Installing Dew Point Meters

Mirror, capacitive metal oxide and polymer sensors are the three best-known instruments for measuring the dew point. Capacitive polymer sensors are, however, the best protected against dust and dirt, insensitive to condensation, have good long-term stability and have an attractive price/performance ratio. With these sensors, a change in capacitance is translated into the dew point temperature, displayed in degrees Celsius or Fahrenheit. VP Dew Point Sensors in particular have a unique internal heating system which allows them to recover very quickly after exposure to a lot of moisture. This can be easily the case, for example, if dryers, water separators and/or drains do not function properly.

The big question is of course, how many dew point sensors should be installed in a compressed air system and where they should be placed in order to realize reliable measurements. The simplest (starting) solution is to install a dew point sensor just after the dryer and in front of the dry tank. In this way, the dryer is monitored for correct operation. It is also possible to place the sensor after the dry tank, but then take into account a delay in the measurement signal. If there are two or more dryers in parallel, it is recommended to install a dew point sensor after each dryer. After all, if only one sensor is used in the central pipe to the buffer tank, it will not immediately be possible to determine which dryer is causing problems in the event of a deviating measurement. It is also wise to install an extra dew point sensor in the supply line of critical processes. If something goes wrong with the dew point, timely action can be taken and costly production downtime can be avoided.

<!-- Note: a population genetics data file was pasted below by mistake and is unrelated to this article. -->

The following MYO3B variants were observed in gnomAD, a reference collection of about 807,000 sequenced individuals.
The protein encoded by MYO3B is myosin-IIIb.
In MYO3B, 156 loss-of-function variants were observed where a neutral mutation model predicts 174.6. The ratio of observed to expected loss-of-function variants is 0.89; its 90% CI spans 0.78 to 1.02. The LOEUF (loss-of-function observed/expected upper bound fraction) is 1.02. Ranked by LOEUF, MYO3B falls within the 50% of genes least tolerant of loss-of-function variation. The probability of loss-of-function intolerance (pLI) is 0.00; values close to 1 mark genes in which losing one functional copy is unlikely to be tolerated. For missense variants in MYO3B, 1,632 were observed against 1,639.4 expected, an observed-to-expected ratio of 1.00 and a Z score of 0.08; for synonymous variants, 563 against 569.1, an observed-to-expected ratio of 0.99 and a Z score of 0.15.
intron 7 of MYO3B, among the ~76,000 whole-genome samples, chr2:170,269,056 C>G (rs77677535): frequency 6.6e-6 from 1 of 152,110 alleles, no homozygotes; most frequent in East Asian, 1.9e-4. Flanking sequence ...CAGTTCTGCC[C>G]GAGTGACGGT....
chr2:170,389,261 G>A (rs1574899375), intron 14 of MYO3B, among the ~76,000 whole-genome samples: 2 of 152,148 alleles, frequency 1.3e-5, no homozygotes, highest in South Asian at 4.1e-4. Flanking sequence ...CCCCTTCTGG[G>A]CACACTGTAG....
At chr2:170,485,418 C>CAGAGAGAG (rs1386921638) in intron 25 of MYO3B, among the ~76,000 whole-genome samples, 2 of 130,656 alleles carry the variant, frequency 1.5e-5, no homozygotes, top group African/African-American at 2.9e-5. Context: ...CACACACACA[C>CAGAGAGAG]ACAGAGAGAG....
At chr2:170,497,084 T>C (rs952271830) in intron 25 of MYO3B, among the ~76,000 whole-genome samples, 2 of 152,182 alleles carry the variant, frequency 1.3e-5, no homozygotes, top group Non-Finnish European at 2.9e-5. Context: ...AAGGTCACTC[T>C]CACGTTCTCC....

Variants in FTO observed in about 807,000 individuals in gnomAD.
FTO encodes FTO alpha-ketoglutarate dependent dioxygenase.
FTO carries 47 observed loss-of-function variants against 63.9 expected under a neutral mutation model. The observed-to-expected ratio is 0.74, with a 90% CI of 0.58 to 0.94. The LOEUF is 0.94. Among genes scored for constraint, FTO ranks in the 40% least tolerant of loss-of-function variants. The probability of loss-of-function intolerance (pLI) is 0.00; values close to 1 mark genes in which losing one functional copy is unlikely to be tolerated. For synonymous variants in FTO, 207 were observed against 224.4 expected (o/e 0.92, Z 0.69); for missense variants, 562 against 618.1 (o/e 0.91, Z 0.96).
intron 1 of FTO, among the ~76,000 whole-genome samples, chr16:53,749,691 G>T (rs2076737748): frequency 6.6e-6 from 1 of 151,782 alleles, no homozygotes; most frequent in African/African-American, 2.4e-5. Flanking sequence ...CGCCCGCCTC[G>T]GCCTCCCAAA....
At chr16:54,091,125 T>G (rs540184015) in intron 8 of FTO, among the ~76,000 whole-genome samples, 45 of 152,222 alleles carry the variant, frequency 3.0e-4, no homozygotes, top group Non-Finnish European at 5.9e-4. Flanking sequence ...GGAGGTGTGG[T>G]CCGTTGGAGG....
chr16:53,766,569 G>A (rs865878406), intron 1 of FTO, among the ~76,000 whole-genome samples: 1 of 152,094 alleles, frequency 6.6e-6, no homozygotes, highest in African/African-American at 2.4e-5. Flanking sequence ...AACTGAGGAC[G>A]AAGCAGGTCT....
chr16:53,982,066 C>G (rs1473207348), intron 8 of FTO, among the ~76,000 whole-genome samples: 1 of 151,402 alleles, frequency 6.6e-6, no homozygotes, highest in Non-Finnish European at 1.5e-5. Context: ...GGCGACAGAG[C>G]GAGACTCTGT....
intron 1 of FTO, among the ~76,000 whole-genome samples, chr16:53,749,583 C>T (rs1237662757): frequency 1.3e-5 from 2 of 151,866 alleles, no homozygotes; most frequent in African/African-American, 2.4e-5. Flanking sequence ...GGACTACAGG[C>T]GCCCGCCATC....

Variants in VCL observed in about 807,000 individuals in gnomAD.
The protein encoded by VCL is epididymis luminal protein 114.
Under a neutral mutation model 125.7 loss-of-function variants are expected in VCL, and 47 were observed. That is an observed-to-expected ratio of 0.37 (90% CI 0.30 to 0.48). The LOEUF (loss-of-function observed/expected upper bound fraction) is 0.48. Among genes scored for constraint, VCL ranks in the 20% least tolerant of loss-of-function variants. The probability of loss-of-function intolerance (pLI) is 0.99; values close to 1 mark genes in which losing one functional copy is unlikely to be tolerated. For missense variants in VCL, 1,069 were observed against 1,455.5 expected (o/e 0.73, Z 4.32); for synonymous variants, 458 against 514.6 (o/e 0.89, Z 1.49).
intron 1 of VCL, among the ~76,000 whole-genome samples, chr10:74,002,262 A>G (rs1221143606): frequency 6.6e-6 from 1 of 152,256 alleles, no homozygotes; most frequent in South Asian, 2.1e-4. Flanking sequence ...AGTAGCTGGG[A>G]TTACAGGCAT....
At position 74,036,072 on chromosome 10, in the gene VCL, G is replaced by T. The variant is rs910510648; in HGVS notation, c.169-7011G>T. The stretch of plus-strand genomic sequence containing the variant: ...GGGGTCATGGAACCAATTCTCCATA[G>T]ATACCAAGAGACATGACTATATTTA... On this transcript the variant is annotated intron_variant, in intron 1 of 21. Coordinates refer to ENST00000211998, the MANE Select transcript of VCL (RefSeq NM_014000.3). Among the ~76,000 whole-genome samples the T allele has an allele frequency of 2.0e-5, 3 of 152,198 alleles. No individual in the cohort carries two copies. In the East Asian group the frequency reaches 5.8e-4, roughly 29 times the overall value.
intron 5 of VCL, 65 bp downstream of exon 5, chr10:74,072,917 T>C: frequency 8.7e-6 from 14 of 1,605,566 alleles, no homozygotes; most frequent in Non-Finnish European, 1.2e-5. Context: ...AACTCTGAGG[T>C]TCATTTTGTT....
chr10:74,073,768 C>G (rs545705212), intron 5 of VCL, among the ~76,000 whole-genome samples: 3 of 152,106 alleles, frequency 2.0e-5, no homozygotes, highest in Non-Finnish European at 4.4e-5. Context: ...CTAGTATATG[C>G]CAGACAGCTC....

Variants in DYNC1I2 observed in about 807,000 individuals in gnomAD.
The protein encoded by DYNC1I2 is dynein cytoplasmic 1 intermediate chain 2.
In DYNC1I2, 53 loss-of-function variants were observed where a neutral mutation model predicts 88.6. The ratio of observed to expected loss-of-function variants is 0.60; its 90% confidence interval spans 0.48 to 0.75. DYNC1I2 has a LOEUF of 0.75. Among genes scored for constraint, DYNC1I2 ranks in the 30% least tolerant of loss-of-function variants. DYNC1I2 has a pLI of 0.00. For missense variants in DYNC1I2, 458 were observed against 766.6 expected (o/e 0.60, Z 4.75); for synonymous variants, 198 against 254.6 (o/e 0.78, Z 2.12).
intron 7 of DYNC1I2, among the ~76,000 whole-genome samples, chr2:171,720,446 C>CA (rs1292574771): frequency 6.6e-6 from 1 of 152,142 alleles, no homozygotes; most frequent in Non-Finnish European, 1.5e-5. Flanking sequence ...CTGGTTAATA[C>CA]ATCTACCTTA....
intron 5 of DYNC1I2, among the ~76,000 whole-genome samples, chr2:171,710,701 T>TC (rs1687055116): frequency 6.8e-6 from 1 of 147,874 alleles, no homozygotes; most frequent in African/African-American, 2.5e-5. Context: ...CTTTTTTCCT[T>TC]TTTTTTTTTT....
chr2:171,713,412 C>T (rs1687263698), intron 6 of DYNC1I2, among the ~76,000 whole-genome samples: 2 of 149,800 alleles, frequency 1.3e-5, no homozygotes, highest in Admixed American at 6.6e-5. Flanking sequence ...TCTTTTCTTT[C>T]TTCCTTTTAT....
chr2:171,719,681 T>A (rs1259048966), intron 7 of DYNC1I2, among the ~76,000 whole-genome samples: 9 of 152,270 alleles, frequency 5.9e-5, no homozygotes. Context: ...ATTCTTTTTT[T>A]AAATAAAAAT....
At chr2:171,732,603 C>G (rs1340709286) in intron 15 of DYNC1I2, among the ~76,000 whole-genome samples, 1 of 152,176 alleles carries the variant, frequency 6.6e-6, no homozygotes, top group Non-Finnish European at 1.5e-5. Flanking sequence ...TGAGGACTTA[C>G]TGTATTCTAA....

The operation of the VP Dew Point transmitter is based on a so-called capacitive polymer sensor that is resistant to dust and dirt, is insensitive to condensation and has good long-term stability.


The Power of Combined Measurements

To determine the causes of a deviating dew point quickly and in a targeted manner, it is necessary to perform additional measurements. By installing a 3-in-1 VPFlowScope sensor after the dryer, mass flow, pressure and temperature are also measured. As soon as the dew point rises, it will then be possible to quickly see what is causing this, for example, a rising refrigeration dryer inlet temperature and/or a high airflow. A decrease in flow and/or pressure can also be an indication that the dryer is contaminated internally, while flow measurements can also be used to monitor the leakage level. This is important because, apart from the energy loss, condensation can flow back into the pipe network via leaks, which risk increases with lower dew point applications. 

Additional measurements can also be used to visualize the pressure loss across the dryer and filter installation, so that the moment of filter replacement can be predicted precisely. By also measuring the power, in combination with the other measurements, the efficiency of the dryer can be calculated and compared with that of other dryers. This can then be used to optimize maintenance, for example, and also to see afterwards whether the right choices have been made when purchasing the dryer(s).


Dryer Selection